This birth injury claim was filed in Baltimore City after a delayed C-section caused a baby to suffer permanent injuries including cerebral palsy and periventricular leukomalacia. It was filed in Health Claims Arbitration on January 30, 2018, and it is the 57th medical malpractice case filed in Maryland this year.Summary of Plaintiff's Allegations
A woman was transported from Civista Hospital to the University of Maryland Medical Center with a preterm premature rupture of membranes at 33 weeks pregnant. This was her third pregnancy and she had a history of pre-gestational and gestational diabetes, shoulder dystocia, and polycystic ovary syndrome.
When she arrived at the hospital she was experiencing contractions every four minutes. She was given Magnesium Sulfate to stop the contractions, Betamethasone to promote fetal lung maturity, and Ampicillin to prevent infection. An ultrasound showed an active fetus with healthy behavior appropriate for her gestational age of 33 weeks. The woman remained in the hospital for the next five days. During that time there was no continuous fetal monitoring and she continued to leak amniotic fluid each day.
On the fifth day after her admission to the hospital, the woman complained of painful contractions. The fetal monitor was put into place and showed that the baby was tachycardic, experiencing variable decelerations, minimal variability, and remained in the breech position. Essentially, the baby was in distress. Due to the breech presentation and non-reassuring fetal heart rate, the baby was delivered by C-section.
The baby was resuscitated and taken to the neonatal intensive care unit after birth, where she remained for 57 days. A head ultrasound showed ischemic changes, meaning that she suffered insufficient blood flow to the brain. She has since been diagnosed with cerebral palsy, periventricular leukomalacia, cortical visual impairment, seizures, and spastic quadriparesis.Additional Comments
A similar lawsuit with the same plaintiff was filed in April 2017 and then filed again earlier in 2018. If you are interested in this case, read these summaries because we look at the cases from a lot of different angles. Plaintiff apparently voluntarily dismissed the lawsuit and refiled with a different standard of care expert. Plaintiff's lawyer also chose not to name any individual doctors in this lawsuit.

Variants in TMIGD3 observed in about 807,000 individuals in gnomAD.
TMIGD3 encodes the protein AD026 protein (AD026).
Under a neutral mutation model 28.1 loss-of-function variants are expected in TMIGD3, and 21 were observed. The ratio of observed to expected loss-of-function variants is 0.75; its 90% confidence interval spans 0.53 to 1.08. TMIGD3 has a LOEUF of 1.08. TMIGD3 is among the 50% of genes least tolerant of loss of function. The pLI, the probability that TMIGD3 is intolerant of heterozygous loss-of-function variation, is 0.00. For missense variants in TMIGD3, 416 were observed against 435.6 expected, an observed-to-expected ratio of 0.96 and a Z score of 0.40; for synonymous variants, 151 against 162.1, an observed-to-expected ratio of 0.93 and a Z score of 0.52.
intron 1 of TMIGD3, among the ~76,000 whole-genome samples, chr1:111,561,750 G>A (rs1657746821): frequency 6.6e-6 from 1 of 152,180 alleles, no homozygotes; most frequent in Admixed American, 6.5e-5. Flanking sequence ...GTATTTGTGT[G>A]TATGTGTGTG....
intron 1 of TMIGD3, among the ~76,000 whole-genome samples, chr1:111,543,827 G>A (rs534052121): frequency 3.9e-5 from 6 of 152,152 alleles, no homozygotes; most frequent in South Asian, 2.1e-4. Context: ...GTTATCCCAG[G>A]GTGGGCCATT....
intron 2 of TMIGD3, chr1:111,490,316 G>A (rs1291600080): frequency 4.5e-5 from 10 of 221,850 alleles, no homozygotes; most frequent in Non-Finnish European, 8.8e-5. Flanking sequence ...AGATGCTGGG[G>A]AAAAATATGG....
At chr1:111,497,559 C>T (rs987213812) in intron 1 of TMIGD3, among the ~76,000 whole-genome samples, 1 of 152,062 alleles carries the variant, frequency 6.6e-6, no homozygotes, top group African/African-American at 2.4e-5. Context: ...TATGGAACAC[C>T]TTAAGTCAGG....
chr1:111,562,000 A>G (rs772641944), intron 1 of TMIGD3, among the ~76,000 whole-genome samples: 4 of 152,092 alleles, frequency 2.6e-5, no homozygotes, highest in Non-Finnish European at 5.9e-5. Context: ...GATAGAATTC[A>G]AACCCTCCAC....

In the opinion of the claimant's expert witness, an OB/GYN physician, it was a violation of the standard of care not to continuously monitor the fetus' well-being, considering the potentially dangerous breech presentation with ruptured membranes and cervical dilation. If the baby had been placed on a fetal heart monitor during her entire hospitalization, the doctors would have detected her signs of distress earlier and performed a C-section quicker, preventing her permanent brain damage.
- Baltimore City
- University of Maryland Medical System Corporation d/b/a University of Maryland Medical Center
- Civista Hospital
- University of Maryland Medical Center
- Failing to properly monitor and treat the claimant.
- Failing to timely identify and respond to the claimant's life-threatening condition.
- Failing to timely perform a C-section.
- As a direct result of the defendant's negligence, the minor claimant suffered severe and permanent brain damage.
- Yvonne Gomez-Carrion, M.D., Obstetrics and Gynecology
Have you suffered a hospital injury due to the negligence of a doctor? Miller & Zois can help you. Call us at 800-553-8082 and speak to one of our medical malpractice attorneys who can help you or get an online case review.More Malpractice Claim Information
- View sample settlements and verdicts from Baltimore City.
- Learn how to calculate the settlement value of a birth injury claim.
- Read more about hospital negligence in Maryland.
- More failure to perform C-section lawsuits
- Claim against Southern Maryland Women's Health Care in 2018
- Claim against Johns Hopkins in 2017